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    Re: Sextant Accuracy
    From: Fred Hebard
    Date: 2003 Mar 18, 14:56 -0500

    George Huxtable wrote:
    
    > Thanks to Fred for providing data of his land-based observations,
    > which any
    >  sextant observer would be proud of. It would be interesting to compare
    >  those figures with what Fred could get out of shore-based
    > observations up
    >  from a horizon, or those taken in real-life from a small boat.
    >
    >
    > It's notable that much of the scatter in Fred's positions occurs in his
    >  altitudes of the Moon. Is Fred taking all the minor corrections for
    > the
    >  Moon into account, such as augmentation of semidiameter, reduction of
    >  parallax, I wonder? Normally, one would only bother with such matters
    > when
    >  seeking the ultimate precision of a lunar, but Fred is achieving such
    >  remarkably consistent answers that it may be worthwhile taking these
    > minor
    >  matters into account.
    
    First, thank you George for giving me a reason to go sailing!  That may
    be related to the ultimate purpose of my exercise...
    
    The moon is definitely more "variable" than the other bodies in my
    observations.  Here is a summary (I know it's incorrect to average the
    standard deviations, but it's accurate enough with these data to
    demonstrate that the moon is more variable):
    
    ~~~~~~~~~~~~~~~~~~~~~Ho-Hc
    Object~~~N~~~mean~of~~~~~~mean~of
    ~~~~~~~~~~~~~block~~~~~~~~block~std
    ~~~~~~~~~~~~~means~~~~~~~~deviations
    
    Jupiter~~3~~~(-)0.53~~~~~~0.35
    Moon~~~~10~~~(-)0.10~~~~~~0.66
    Sirius~~~5~~~(-)0.63~~~~~~0.32
    Sun~~~~~~6~~~(-)0.25~~~~~~0.30
    
    Regarding moon errors, I am just using the standard Nautical Almanac
    corrections, and keying data in from the Almanac, rather than formulas,
    such as George outlined for Young's method of clearing lunar distances.
      The Almanac's corrections include reduction in HP with altitude; I
    can't remember offhand whether it still includes augmentation.  I note
    that the Almanac's corrections vary from those of the U.S. Naval
    Observatory site.
    
    I'm not sure why the moon is so untrustworthy for me, although when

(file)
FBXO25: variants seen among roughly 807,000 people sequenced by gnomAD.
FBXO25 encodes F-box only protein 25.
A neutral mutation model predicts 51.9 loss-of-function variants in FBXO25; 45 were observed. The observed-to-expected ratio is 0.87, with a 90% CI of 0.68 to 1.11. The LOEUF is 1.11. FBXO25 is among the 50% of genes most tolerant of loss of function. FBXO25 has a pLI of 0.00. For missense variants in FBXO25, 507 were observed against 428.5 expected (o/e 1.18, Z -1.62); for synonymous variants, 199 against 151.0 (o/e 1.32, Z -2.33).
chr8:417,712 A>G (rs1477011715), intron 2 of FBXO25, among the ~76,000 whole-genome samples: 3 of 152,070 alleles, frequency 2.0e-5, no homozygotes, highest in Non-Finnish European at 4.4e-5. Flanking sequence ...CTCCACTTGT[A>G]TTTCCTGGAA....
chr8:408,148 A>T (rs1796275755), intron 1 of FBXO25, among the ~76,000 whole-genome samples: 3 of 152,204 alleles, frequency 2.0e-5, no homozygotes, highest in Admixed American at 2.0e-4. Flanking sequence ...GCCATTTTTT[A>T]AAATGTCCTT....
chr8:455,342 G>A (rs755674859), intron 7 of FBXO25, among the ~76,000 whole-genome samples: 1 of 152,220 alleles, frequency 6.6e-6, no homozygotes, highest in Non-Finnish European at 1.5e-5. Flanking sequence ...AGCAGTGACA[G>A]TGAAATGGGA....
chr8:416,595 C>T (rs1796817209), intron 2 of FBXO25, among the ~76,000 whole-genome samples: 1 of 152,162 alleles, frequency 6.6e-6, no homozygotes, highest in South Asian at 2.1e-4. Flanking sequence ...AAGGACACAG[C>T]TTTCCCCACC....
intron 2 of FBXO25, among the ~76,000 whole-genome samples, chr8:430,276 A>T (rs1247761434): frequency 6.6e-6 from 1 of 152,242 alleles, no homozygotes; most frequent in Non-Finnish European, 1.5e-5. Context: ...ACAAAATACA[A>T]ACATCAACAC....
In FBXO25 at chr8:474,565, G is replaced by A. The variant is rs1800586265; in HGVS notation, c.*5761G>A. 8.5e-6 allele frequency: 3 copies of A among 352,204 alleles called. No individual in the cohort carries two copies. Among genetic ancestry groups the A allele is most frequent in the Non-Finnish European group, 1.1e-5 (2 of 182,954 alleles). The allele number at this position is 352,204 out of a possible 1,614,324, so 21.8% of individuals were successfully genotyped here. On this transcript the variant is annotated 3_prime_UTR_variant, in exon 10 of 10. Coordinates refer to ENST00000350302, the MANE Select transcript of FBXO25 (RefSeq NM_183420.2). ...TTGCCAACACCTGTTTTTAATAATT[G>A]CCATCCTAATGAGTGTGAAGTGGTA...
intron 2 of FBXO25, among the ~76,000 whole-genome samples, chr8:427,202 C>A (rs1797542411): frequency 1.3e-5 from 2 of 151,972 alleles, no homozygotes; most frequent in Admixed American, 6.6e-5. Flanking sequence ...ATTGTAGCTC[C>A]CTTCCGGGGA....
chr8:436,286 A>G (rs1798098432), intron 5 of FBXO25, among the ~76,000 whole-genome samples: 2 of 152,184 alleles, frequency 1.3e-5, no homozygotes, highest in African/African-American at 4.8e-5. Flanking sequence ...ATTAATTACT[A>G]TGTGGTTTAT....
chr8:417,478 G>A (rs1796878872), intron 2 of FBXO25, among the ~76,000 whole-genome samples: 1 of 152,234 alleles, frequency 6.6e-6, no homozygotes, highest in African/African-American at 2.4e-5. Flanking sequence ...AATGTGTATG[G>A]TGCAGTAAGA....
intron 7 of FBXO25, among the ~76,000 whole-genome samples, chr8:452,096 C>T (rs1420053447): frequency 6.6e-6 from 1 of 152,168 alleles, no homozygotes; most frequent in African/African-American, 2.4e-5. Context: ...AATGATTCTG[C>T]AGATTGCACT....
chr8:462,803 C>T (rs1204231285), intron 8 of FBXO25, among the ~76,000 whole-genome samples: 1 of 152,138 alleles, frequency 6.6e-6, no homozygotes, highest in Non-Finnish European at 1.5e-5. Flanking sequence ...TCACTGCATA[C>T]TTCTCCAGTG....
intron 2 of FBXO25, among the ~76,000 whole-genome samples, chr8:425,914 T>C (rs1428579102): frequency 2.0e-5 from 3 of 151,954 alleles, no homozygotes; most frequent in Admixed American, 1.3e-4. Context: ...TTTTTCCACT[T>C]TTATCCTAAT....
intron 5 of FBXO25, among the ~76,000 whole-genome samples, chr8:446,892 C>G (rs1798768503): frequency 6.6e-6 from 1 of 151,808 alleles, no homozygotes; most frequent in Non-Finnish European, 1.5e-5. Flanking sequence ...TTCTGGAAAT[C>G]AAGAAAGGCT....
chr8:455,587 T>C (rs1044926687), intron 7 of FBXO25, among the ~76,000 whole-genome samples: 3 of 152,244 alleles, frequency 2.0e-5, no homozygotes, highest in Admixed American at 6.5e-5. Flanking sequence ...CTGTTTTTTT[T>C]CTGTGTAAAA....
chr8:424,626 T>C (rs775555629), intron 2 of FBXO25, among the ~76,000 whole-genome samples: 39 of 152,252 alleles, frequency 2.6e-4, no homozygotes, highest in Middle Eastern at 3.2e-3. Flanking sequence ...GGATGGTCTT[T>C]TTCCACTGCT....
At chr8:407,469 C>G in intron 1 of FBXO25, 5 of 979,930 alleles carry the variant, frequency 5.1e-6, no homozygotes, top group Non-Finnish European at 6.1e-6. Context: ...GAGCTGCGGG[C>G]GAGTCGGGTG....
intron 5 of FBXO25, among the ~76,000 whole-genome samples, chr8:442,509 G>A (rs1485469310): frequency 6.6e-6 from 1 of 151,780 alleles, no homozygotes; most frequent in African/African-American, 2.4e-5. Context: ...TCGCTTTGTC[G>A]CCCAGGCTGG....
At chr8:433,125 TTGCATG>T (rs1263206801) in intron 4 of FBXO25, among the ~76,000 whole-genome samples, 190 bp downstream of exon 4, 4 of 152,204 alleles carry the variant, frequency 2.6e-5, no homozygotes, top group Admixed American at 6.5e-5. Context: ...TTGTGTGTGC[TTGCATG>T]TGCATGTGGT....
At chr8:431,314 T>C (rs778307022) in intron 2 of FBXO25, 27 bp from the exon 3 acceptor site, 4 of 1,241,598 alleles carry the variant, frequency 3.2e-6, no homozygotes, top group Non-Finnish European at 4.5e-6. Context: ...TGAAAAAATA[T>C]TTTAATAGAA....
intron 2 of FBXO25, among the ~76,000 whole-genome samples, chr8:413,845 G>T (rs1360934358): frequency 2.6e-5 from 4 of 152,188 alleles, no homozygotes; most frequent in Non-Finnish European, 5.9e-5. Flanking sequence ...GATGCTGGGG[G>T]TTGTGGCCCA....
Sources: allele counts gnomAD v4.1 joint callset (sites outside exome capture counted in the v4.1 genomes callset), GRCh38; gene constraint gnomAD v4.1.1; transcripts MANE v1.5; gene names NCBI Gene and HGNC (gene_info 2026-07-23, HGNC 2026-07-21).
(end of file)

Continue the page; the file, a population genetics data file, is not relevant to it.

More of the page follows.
it's good it's very good for use in a liquid artificial horizon.  It
    doesn't heat the liquid and the wind tends to be calmer at night,
    allowing removal of the glass cover.  It's also bright enough to see
    easily.  In the larger data set, when the standard deviation of the
    moon shots is small, the position is pretty close to that of the other
    objects.
    
    A big part of an exercise as I'm doing is to train oneself to know when
    a sight has been muffed, and to get some feel for good and not-so-good
    sights, although this consistent deviation to the south is still
    aggravating me.
    
    I note in the data summary above that the sun is perhaps a bit better
    behaved than the other bodies.  With regard to Bruce Stark's mentioning
    of irradiation, he says that his measurements of solar diameter tend to
    come out on the large size.  Mine  come out on the small side, often by
    about 0.1' of arc, which would move the sun's deviation closer to zero
    in this case.
    
    Another component of my consistent deviation may be deflection from the
    vertical, as pointed out by Doug Stephen.  We live in the middle of the
    Appalachian Mountains, with the tallest mountains in Virginia about 10
    miles away.  Although not as massive as the Rockies, they could be an
    important factor.
    
    I welcome Doug's participation.  Clearly he has been been very
    seriously researching the location of his house!  I wonder whether he
    could share with us links to the programs for determining deflection
    from the vertical.  Some of his data comparing the Astra to the Wild
    also would be a delight to see.  I can well imagine that aacurate
    timing would be critical for the Wild.
    
    
    

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